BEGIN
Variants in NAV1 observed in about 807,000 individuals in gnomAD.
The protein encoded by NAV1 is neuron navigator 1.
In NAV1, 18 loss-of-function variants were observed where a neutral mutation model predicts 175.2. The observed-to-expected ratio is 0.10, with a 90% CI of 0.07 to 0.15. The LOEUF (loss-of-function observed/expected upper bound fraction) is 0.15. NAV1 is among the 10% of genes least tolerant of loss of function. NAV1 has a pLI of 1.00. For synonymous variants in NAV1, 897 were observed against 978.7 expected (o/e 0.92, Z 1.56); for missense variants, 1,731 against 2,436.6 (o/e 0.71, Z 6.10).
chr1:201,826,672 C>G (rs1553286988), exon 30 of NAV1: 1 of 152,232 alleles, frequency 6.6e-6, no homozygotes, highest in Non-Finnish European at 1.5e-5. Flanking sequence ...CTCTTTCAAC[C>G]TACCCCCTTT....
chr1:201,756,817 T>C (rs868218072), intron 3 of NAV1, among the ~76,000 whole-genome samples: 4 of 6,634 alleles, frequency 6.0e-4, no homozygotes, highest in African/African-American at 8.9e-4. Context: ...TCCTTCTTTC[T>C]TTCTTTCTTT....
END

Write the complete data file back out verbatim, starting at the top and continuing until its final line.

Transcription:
Variants in NAV1 observed in about 807,000 individuals in gnomAD.
The protein encoded by NAV1 is neuron navigator 1.
In NAV1, 18 loss-of-function variants were observed where a neutral mutation model predicts 175.2. The observed-to-expected ratio is 0.10, with a 90% CI of 0.07 to 0.15. The LOEUF (loss-of-function observed/expected upper bound fraction) is 0.15. NAV1 is among the 10% of genes least tolerant of loss of function. NAV1 has a pLI of 1.00. For synonymous variants in NAV1, 897 were observed against 978.7 expected (o/e 0.92, Z 1.56); for missense variants, 1,731 against 2,436.6 (o/e 0.71, Z 6.10).
chr1:201,826,672 C>G (rs1553286988), exon 30 of NAV1: 1 of 152,232 alleles, frequency 6.6e-6, no homozygotes, highest in Non-Finnish European at 1.5e-5. Flanking sequence ...CTCTTTCAAC[C>G]TACCCCCTTT....
chr1:201,756,817 T>C (rs868218072), intron 3 of NAV1, among the ~76,000 whole-genome samples: 4 of 6,634 alleles, frequency 6.0e-4, no homozygotes, highest in African/African-American at 8.9e-4. Context: ...TCCTTCTTTC[T>C]TTCTTTCTTT....